• The Hemlock-Canadice balancing act Anti-fracking groups in the Rochester area want the state Department of Environmental Conservation to state strongly and unequivocally that it won't allow drilling on the Hemlock-Canadice forest lands. And they're pushing for the state to make the property either a unique area or a state nature and historic preserve — defined designations that limit use of the land. The restrictions include prohibitions on gas and oil drilling, the activists say. But City of Rochester officials say that such high levels of protections and restrictions could interfere with routine maintenance of the property, such as erosion control measures and efforts to diversify tree populations and vegetation. (May 09, 2013) Rochester City Newspaper [more on Fracking and Canadice and Hemlock Lakes]
  • State releases plan for Hemlock, Canadice The State Department of Environmental Conservation has released a draft plan outlining how it will manage its land around Canadice and Hemlock Lakes. The DEC will accept comments on the draft unit management plan – available athttp://www.dec.ny.gov/lands/68822.html – through April 15. And it has scheduled a public information session for 6:30 p.m. on March 14 at Springwater Fire Hall, 8145 South Main Street, Springwater. DEC representatives will give a presentation at 7 p.m. Hemlock and Canadice are the only two Finger Lakes with undeveloped shorelines. Rochester uses the lakes for its drinking water supply and started buying the land surrounding them in 1896. In 2010, the state bought approximately 6,700 acres of land, now known as the Hemlock-Canadice State Forest, from the city. (February 21, 2013) Rochester City Newspaper [more on Canadice Lake and Hemlock Lake in our area]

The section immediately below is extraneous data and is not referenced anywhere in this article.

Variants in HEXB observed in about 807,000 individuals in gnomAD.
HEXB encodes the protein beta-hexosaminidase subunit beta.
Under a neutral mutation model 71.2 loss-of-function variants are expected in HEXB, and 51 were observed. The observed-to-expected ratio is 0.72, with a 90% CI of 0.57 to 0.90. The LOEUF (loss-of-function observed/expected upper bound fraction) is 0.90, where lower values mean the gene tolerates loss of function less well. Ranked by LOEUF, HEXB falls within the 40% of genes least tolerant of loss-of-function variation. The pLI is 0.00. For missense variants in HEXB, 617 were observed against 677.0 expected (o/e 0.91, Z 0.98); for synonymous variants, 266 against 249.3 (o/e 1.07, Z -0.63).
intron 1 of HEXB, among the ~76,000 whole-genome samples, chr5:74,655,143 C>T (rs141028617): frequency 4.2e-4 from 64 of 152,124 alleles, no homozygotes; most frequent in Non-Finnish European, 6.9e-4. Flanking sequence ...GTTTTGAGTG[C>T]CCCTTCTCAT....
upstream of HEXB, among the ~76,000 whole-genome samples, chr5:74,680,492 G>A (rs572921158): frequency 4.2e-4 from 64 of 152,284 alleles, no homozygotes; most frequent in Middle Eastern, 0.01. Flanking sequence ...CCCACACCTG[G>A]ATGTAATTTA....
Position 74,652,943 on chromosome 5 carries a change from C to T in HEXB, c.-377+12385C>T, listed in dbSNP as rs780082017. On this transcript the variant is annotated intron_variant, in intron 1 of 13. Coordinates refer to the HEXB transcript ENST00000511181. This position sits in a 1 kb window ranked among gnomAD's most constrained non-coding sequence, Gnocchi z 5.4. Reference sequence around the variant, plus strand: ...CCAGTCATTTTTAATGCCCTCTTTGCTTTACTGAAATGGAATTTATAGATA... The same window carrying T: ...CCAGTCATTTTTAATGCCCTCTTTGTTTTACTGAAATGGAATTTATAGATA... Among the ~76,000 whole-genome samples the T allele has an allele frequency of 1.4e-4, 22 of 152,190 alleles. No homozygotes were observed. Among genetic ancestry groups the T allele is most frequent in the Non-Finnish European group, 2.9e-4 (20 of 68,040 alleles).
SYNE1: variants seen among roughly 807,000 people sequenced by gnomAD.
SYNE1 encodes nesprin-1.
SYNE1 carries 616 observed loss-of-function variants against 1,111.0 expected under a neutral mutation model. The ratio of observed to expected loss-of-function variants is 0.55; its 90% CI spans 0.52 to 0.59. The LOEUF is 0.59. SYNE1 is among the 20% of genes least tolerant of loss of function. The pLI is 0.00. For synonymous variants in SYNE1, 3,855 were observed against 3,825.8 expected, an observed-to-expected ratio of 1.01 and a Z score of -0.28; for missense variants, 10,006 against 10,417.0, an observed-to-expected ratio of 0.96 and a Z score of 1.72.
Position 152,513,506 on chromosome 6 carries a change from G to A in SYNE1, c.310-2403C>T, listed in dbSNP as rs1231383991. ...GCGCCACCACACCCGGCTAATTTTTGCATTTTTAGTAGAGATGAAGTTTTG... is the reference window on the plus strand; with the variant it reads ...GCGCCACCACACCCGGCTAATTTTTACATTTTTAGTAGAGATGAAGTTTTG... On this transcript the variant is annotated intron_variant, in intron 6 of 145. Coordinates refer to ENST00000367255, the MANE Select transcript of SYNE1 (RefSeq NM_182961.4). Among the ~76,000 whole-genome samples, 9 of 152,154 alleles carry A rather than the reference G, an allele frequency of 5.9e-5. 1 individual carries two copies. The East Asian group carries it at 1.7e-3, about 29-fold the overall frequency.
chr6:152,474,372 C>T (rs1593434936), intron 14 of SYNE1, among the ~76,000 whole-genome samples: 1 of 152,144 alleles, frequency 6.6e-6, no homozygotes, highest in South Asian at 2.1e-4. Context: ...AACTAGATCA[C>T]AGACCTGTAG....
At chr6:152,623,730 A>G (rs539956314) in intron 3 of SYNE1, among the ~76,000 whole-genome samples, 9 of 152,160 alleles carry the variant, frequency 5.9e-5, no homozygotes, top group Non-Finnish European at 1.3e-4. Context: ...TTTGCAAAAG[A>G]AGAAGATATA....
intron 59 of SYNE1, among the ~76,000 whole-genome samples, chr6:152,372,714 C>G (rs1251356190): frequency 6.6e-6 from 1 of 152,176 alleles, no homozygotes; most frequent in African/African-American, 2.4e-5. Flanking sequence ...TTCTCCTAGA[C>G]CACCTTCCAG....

2010

2009

2008

2007

  • Rochester to Albany: Let’s make a deal - Rochester, NY - MPNnow All other players are out of the game as the city of Rochester and New York state prepare to negotiate a price for the 7,100 acres the city owns around Canadice and Hemlock lakes. Until recently, city leaders had said they were considering all options. But the latest statements from the mayor’s office and the state Department of Environmental Conservation suggest that something environmentalists have feared — the sale to a developer — is off the table. (Dec 17, 07) Messenger Post Newspapers
  • DEC chief visits Hemlock, a plus for possible watershed sale— New York state's environmental commissioner paid an unannounced visit Thursday to Hemlock Lake, taking in the grandeur of one of the last undeveloped Finger Lakes. He came away impressed — a development that can only be seen as positive by advocates of the notion that the state should purchase and preserve forever the land around Hemlock and Canadice lakes that now is owned by the city of Rochester. (October 5, 2007) Democrat & Chronicle
  • MPNnow.com: New DEC chief wants talks on Hemlock, Canadice watersheds A spokesman for the city of Rochester insists that it’s not necessarily a sale negotiation. ROCHESTER — The new head of the state Department of Environmental Conservation has asked Rochester Mayor Robert Duffy to open negotiations on the future of city-owned watershed lands around Canadice and Hemlock lakes. A letter to Duffy from DEC Commissioner Alexander Grannis confirms statements made in April by state Parks and DEC officials at a Sierra Club meeting in Rochester. (May 21, 07) Messenger Post Newspapers